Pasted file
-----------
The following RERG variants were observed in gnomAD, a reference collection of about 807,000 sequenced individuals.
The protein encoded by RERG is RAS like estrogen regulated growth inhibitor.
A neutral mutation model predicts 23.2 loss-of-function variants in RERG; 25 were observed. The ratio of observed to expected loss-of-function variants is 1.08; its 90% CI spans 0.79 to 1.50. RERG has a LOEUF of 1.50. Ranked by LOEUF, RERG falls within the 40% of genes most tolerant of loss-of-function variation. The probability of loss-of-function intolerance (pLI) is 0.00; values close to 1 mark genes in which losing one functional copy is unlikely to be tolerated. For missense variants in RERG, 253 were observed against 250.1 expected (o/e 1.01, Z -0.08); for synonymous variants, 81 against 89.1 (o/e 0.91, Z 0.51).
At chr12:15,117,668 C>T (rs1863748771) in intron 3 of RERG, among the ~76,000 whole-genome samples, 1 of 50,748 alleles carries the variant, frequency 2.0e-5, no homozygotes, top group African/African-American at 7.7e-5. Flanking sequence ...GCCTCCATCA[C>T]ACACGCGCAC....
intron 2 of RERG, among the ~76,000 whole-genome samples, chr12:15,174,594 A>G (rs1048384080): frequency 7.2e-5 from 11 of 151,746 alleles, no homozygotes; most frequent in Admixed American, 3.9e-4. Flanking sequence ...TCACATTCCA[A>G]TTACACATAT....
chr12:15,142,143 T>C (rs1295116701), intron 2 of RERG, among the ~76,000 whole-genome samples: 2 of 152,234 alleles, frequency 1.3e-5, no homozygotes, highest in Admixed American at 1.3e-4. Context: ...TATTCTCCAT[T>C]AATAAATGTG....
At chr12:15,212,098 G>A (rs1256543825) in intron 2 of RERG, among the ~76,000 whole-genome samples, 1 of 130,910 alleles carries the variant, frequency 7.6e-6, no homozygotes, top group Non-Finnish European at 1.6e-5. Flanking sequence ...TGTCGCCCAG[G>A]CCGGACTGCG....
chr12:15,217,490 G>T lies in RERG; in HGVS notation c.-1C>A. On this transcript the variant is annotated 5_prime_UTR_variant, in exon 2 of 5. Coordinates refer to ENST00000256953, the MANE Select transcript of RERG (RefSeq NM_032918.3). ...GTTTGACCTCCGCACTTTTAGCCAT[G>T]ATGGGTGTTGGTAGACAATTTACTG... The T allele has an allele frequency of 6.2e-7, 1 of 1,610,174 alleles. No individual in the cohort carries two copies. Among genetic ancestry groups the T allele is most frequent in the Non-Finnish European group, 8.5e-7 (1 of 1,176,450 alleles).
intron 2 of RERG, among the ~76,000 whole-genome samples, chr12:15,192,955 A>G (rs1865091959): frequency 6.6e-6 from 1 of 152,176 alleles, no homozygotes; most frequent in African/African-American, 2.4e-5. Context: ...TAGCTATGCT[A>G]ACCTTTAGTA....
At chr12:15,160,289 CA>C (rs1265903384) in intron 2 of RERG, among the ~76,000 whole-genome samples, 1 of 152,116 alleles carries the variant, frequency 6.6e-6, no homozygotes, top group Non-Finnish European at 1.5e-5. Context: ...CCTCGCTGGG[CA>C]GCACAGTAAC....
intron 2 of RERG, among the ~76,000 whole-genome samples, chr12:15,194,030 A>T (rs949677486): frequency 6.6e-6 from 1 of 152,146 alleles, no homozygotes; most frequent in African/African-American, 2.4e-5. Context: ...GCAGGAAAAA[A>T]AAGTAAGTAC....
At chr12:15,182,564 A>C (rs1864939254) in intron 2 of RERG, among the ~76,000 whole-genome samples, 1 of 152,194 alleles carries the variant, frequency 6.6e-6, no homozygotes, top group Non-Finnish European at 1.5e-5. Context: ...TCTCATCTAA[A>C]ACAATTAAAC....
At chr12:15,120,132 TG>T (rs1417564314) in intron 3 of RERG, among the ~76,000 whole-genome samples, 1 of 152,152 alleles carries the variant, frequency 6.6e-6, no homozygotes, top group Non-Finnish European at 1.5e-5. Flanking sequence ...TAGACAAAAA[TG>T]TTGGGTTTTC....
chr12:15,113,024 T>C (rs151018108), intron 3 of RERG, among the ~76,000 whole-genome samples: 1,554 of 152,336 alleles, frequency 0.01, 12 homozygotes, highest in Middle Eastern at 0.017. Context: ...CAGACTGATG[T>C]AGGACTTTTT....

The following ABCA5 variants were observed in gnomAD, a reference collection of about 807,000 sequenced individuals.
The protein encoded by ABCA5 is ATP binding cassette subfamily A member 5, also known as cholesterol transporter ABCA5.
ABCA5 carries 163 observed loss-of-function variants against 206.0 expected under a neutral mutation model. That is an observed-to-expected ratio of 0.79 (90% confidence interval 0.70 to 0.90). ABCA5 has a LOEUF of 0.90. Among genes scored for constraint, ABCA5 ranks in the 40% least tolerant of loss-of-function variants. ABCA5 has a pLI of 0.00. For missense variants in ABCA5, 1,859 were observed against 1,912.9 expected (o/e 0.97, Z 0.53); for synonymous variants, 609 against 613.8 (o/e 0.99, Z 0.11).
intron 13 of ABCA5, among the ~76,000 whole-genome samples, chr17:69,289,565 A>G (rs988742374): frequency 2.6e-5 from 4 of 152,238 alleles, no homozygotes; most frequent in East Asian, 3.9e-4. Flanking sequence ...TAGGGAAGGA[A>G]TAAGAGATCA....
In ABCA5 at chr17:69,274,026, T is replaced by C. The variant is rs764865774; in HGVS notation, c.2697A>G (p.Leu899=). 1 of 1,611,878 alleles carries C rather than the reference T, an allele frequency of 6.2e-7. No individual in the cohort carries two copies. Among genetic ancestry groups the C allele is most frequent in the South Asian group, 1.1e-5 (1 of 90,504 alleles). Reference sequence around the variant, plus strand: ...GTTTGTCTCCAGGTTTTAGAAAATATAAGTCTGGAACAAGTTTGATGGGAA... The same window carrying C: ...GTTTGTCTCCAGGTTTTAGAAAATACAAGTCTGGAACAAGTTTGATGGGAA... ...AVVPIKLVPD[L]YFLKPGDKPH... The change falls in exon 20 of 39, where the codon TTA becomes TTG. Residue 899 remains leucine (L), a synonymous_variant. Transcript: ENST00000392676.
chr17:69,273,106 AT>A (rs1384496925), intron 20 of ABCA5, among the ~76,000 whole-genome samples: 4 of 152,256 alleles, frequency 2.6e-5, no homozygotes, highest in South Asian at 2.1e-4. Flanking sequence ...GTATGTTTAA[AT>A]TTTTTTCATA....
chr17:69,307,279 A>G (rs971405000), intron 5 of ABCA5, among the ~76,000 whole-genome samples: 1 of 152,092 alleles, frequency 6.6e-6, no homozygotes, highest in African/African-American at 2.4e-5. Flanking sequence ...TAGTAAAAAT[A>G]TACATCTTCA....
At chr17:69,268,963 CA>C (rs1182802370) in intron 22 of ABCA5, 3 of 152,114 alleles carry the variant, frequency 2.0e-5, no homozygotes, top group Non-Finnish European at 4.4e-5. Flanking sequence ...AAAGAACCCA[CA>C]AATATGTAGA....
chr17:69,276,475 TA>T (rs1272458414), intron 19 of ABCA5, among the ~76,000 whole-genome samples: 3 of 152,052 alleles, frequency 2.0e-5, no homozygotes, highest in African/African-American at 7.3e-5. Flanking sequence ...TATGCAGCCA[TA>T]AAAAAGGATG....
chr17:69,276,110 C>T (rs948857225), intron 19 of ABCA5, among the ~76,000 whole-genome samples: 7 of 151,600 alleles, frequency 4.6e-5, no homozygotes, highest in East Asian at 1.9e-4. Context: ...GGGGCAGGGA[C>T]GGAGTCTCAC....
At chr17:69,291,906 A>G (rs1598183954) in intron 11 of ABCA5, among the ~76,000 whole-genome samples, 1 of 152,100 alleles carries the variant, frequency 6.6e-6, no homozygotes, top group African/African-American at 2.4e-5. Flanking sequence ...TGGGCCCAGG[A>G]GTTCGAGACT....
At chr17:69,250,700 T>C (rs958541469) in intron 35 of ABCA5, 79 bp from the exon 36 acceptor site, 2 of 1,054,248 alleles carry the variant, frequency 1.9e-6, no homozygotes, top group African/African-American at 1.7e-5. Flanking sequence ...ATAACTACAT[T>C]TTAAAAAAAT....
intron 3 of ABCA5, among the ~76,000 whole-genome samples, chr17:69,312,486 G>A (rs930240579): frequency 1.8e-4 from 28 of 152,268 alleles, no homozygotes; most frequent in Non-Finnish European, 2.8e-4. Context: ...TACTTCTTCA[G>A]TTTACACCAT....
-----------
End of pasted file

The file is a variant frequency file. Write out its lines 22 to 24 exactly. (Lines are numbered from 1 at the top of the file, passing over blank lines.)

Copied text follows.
At chr17:69,268,963 CA>C (rs1182802370) in intron 22 of ABCA5, 3 of 152,114 alleles carry the variant, frequency 2.0e-5, no homozygotes, top group Non-Finnish European at 4.4e-5. Flanking sequence ...AAAGAACCCA[CA>C]AATATGTAGA....
chr17:69,276,475 TA>T (rs1272458414), intron 19 of ABCA5, among the ~76,000 whole-genome samples: 3 of 152,052 alleles, frequency 2.0e-5, no homozygotes, highest in African/African-American at 7.3e-5. Flanking sequence ...TATGCAGCCA[TA>T]AAAAAGGATG....
chr17:69,276,110 C>T (rs948857225), intron 19 of ABCA5, among the ~76,000 whole-genome samples: 7 of 151,600 alleles, frequency 4.6e-5, no homozygotes, highest in East Asian at 1.9e-4. Context: ...GGGGCAGGGA[C>T]GGAGTCTCAC....